I’ve been growing fresh vegetables in my backyard for years. Now I struggle to get food to grow.
We learn from experience and observation. Life is about change. If we are wise, we will go with the flow and not waste time with something we cannot change. I am applying this philosophy to my backyard vegetable garden.
Observation and Common Sense
One thing I have observed since I began gardening in Florida is that a lot of vegetables simply won’t grow here. Maybe I am doing something wrong, but I grew veggies fine in New Hampshire. I am not an inexperienced gardener, but vegetable gardening in this climate is obviously beyond my grasp.
It’s been two years. That is plenty of time to grow something well. I’ve built up the dirt with compost and fertilizer, watered like mad, and thwarted raccoon attacks on the plants. I’ve picked worms, loved the lady bugs, and sprayed off mites. My little raised bed garden has given me very little to eat in return.
With the exception of about three eggplants (total) and occasional small bell peppers, there is little food coming from the backyard.
Herbs Seem to Flourish
On the other hand, my observation is that many herbs do grow very nicely here. In fact, my parsley, basil, thyme, mint and fennel have lasted a very long time.
Herbs are hardy. When I first began growing parsley I lived in New Hampshire. The green stems would push up through the first snowfall, which amazed me. Deer used to help themselves to the lush green herb.
In Florida I have had the same parsley plants growing in my garden for over two years! Parsley not only survives the cold, it can take the heat and oppressive humidity.
It is depressing to put work into trying to grow decent tomatoes, squash, zucchini and root vegetables, only to watch them rot, wilt or end up too tiny to bother with.
How long do I keep trying, only to watch the plants produce nothing I can eat? I’m about over it.
Changes All Around
My life is always changing, and recently it went through another change. My youngest son has moved out. He’s nearly done with college and does online classes, so he went back to the northeast to live. Good for him. Wish I could afford to do the same. I did take a trip back to stay for a week, which was so nice.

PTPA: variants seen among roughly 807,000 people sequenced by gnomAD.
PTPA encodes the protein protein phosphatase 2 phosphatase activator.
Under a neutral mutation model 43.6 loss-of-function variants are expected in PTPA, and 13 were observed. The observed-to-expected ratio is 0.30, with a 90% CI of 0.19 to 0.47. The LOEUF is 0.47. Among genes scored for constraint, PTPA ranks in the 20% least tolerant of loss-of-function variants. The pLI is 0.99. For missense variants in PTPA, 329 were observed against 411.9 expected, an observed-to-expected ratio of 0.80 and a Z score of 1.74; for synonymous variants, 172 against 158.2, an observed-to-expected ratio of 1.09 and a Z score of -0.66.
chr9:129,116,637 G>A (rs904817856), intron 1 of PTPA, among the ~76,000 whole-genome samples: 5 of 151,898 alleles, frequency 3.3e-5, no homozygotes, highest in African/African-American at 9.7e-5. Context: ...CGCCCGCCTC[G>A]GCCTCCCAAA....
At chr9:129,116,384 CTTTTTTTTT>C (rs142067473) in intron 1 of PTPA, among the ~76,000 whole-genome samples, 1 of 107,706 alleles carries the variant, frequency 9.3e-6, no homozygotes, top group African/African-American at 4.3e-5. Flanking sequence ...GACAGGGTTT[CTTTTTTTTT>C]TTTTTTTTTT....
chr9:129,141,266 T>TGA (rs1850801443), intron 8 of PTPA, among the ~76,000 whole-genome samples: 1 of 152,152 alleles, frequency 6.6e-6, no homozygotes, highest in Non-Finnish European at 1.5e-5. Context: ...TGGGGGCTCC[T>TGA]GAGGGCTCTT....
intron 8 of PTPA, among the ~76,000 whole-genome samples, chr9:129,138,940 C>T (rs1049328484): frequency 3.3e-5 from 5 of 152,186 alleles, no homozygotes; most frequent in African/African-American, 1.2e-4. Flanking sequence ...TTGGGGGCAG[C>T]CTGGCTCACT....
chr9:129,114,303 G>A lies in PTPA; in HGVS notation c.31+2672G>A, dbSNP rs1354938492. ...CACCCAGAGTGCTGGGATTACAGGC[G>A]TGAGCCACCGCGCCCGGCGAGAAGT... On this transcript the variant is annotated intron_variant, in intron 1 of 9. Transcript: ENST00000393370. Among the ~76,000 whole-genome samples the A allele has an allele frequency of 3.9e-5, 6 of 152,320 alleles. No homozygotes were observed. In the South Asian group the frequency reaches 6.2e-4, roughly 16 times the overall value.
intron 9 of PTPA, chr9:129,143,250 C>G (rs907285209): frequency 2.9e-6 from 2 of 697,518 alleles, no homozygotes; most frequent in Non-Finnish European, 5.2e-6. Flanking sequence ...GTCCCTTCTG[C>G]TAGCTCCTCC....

My youngest son has always been a very picky eater. If I don’t make food he likes, he could literally go all day long without eating. So, I tended to make food he would eat. That type of food was very different from the type of food I eat. Now that he has moved out, I can concentrate on cooking for me only.
This is a very new idea and it will take a while for my brain to wrap around the concept. I’ve been cooking for my children for over 40 years! My way of cooking will be changing. Although I am not crazy about spending a lot of time in the kitchen, I am a very good cook. As an “almost vegetarian” meat is not my main focus. I love to cook soups, stews and one pot meals (using my Dutch oven) which are full of fresh vegetables.
Since I can’t grow all the vegetables I’d like to, I will concentrate on growing the herbs. I learned very late in life how much herbs can brighten the flavor of a meal. Now I can’t make anything without using herbs because it’s not worth eating.
Because my herbs will grow year round, I don’t have to spend time drying or freezing them. Sometimes I even get to collect their seeds. I still need to find a store that sells good fresh, organic vegetables. Publix is a good store, but as I have discovered, their produce is not the best.
I also have access to fresh citrus, which I should begin incorporating into my food as well. Both my lime tree and lemon tree are still growing, but the lime needs re-potting.
So I’m collecting recipes to make for myself and will concentrate more on eating healthy. The weather is much cooler now here in Florida, and I do get outside for walks as much as possible. My neighborhood is a boring place to walk, and there are no hills to get my heart pumping, but I do what I can.
(They Yacht is not mine. Photo taken at a nearby Marina.)